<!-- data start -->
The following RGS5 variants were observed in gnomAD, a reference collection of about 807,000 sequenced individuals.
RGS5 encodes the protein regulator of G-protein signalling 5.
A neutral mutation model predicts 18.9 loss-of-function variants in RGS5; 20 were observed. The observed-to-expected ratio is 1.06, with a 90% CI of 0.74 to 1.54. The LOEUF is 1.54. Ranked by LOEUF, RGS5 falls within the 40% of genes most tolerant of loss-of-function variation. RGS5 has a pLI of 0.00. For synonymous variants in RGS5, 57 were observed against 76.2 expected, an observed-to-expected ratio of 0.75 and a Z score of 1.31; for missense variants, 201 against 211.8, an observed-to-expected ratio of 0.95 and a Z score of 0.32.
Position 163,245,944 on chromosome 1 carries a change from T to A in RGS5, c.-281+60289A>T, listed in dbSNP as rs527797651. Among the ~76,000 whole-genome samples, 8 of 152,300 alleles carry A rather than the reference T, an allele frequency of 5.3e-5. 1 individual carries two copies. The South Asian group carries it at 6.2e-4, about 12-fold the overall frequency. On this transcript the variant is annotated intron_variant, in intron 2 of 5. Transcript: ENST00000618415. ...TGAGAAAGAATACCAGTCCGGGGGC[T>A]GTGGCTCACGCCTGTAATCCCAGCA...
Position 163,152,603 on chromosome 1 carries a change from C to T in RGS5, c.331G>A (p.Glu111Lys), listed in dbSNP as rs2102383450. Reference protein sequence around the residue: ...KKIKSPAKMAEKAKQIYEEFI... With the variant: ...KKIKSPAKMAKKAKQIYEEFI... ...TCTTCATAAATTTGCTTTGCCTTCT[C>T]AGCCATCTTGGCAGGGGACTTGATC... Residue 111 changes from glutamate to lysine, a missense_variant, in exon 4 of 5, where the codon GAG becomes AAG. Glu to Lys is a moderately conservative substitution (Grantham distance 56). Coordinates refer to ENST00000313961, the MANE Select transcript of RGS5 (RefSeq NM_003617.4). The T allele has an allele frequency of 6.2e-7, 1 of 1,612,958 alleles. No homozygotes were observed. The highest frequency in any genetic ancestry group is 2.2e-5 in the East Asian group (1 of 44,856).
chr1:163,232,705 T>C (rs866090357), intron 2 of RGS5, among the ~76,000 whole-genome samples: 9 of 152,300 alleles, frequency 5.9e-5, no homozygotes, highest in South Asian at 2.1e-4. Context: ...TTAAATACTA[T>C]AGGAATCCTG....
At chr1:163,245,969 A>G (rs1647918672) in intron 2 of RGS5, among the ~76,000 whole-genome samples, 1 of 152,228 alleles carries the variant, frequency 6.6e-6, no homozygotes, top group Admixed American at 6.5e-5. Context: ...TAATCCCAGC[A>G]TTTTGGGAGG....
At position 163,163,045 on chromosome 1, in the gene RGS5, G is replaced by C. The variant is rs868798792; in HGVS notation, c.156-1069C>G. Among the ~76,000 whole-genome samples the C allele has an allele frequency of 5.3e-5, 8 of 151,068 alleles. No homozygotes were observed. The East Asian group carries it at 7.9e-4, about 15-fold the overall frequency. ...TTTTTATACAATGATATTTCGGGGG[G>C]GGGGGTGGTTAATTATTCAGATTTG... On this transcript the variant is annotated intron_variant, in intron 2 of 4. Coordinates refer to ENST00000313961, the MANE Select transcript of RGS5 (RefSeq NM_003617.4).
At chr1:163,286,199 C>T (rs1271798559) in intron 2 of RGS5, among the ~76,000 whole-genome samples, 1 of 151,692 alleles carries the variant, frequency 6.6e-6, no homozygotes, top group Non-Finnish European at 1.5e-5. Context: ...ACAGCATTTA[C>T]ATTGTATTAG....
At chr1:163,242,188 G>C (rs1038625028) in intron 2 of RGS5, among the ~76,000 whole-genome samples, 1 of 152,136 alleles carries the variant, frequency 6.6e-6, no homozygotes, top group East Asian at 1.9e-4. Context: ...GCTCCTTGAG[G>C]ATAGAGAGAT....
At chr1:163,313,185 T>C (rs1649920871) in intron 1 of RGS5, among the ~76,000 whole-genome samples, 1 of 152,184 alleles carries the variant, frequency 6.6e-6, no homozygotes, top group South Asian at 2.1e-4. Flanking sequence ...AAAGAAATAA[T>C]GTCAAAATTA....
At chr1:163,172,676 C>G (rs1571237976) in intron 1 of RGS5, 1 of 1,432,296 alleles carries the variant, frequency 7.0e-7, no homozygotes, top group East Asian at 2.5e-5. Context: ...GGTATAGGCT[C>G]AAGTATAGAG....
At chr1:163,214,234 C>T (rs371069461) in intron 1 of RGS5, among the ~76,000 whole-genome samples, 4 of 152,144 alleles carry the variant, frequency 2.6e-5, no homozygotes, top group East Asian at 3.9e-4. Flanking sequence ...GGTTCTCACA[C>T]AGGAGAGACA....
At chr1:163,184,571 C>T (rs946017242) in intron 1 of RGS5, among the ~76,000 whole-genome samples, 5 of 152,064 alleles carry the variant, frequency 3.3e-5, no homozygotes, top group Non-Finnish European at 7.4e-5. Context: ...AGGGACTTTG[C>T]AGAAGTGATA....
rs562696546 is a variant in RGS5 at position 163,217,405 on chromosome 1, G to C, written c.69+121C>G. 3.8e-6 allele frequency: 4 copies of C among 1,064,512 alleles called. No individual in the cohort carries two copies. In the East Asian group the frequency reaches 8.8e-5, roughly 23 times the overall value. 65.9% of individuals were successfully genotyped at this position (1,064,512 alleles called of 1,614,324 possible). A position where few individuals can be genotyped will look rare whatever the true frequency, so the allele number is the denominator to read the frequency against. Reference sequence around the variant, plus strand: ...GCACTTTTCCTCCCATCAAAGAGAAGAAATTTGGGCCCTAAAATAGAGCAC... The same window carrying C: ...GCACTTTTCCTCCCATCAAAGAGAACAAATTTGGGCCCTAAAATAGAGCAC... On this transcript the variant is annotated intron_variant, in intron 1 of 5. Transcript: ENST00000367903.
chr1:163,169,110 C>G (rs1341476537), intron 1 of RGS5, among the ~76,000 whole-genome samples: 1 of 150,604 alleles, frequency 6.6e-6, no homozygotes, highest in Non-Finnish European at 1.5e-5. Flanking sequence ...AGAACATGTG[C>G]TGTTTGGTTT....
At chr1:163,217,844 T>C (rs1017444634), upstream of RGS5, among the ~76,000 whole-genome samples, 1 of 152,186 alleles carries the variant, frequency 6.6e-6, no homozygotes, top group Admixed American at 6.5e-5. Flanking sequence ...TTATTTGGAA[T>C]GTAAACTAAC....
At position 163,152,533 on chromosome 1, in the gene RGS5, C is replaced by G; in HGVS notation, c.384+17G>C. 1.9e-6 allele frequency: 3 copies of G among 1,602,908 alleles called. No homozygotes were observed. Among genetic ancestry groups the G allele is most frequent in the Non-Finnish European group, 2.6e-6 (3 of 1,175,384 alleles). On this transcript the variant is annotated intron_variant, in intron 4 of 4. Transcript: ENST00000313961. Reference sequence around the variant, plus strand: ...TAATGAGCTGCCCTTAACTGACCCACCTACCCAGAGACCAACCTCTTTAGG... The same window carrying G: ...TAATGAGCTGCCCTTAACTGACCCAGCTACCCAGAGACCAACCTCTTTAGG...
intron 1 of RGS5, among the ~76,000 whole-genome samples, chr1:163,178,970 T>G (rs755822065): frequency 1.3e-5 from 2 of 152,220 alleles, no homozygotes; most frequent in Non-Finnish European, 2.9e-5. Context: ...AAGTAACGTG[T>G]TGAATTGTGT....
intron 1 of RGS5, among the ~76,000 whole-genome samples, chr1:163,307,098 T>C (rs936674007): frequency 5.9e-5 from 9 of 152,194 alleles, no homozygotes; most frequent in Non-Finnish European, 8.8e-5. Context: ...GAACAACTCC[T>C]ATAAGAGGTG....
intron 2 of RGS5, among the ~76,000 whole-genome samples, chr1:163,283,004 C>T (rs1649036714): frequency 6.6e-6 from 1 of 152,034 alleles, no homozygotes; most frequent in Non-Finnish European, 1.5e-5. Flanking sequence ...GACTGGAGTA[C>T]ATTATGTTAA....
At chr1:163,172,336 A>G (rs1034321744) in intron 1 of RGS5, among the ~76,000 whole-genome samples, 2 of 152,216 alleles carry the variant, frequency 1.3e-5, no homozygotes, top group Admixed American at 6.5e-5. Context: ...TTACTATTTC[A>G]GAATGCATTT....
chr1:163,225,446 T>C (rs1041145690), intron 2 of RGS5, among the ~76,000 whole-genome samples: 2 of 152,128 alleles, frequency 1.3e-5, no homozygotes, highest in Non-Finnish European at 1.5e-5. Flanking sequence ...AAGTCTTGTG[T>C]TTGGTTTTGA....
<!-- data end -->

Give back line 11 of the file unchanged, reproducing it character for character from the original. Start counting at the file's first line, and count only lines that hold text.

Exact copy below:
At chr1:163,313,185 T>C (rs1649920871) in intron 1 of RGS5, among the ~76,000 whole-genome samples, 1 of 152,184 alleles carries the variant, frequency 6.6e-6, no homozygotes, top group South Asian at 2.1e-4. Flanking sequence ...AAAGAAATAA[T>C]GTCAAAATTA....